At a May 2017 forum in Beijing, China’s President Xi Jinping expounded on the evolving opportunities for China’s Belt and Road Initiative (BRI)1 to connect with the development strategies of various other countries, specifically naming neighbors Russia, Kazakhstan, Vietnam, Laos, and Myanmar.
Far from just an economic strategy, BRI lays the foundation for far more extensive political and geo-strategic interaction between Eurasian countries than did the similarly ambitious U.S.-centric Trans-Pacific Partnership (TPP) and Transatlantic Trade and Investment Partnership (TTIP).
China is using BRI to solidify political relationships with neighbors like Brunei. Brunei’s presence in the BRI would give China more influence in ASEAN. Another ally in the region could give China more leverage in South China Sea discussions.2
The China-Pakistan Economic Corridor branch of the BRI would be comparable to the Marshall Plan, completely transforming the Pakistani economy and leaving the country geo-strategically intertwined with China well into the foreseeable future.3
A less discussed aspect of BRI is its potential to reshape the global financial system. Some argue that the Chinese-led Asian Infrastructure Investment Bank (AIIB) exists to supplant the existing Bretton Woods system. Valid or not, a successful BRI will ultimately raise the profile of Chinese banks and give them greater influence on how business is done globally.
Since 2010, China has increased its exports substantially to areas to its south and southwest, while trade with countries to its north and northwest like Russia and Kazakhstan has stagnated (Map).
BRI would create flourishing trade relationships with all these partners, potentially with strings attached, however. Countries like Vietnam and South Korea would prefer to strategically reduce their heavy reliance on the Chinese economy, the latter having recently suffered under Chinese sanctions following the deployment of the THAAD missile system.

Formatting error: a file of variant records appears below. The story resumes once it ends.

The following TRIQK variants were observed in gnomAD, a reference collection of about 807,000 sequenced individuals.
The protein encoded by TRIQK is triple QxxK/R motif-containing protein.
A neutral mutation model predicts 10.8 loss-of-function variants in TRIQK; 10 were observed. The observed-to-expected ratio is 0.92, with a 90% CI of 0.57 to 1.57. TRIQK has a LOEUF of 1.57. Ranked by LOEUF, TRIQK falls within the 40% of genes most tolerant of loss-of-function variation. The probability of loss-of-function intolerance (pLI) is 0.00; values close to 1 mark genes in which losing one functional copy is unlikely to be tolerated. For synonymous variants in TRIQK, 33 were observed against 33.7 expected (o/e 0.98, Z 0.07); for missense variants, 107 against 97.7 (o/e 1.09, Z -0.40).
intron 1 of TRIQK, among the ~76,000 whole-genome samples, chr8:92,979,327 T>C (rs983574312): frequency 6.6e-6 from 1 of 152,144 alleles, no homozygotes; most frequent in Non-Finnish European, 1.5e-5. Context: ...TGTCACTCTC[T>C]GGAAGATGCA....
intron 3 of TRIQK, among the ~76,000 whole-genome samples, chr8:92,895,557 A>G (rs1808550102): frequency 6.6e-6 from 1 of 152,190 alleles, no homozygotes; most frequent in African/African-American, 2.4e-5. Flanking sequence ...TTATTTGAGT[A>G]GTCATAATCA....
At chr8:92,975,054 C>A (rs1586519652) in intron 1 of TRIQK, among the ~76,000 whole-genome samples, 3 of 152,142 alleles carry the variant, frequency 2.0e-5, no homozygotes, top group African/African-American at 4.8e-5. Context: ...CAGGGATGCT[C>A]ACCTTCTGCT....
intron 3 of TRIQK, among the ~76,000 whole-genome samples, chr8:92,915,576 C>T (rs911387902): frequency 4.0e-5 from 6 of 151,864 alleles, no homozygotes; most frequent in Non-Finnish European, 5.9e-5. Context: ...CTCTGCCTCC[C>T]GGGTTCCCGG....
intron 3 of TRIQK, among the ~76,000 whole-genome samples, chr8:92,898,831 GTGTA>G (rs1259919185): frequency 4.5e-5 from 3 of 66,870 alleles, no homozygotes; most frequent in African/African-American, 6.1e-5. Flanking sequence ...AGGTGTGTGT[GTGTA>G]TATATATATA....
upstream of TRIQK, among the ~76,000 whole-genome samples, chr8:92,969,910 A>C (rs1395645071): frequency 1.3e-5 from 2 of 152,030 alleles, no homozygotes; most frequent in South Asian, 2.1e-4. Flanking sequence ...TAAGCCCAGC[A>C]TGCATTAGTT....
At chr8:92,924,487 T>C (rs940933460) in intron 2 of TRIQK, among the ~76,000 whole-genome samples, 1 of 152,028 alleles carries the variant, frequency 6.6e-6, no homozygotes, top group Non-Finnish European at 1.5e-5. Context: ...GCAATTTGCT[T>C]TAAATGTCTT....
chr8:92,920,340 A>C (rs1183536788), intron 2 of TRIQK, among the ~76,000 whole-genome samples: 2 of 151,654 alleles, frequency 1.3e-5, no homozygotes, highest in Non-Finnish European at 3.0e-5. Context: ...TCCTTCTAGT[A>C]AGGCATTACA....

With China’s promise of at least a trillion dollars in investment, passing up this opportunity to more closely enter China’s sphere of influence is itself economically risky. Can Vietnam afford to sit out of BRI while its neighbors reap massive benefits from trade and investment from China?
European leaders must ask themselves similar questions. While TTIP is in a comatose state, the EU could instead look east to grow its trade. The tentative plan is for BRI’s land and maritime routes to end in Rotterdam and Venice, respectively, and then link together.
Given recent U.S. rhetoric on trade along with the failures of TPP and TTIP, countries everywhere may have to consider the newer, less certain future of BRI as an alternative. This could mean concessions in areas like markets rules and international standards. As BRI is an entire framework rather than a few isolated projects, it could potentially rewrite those rules.
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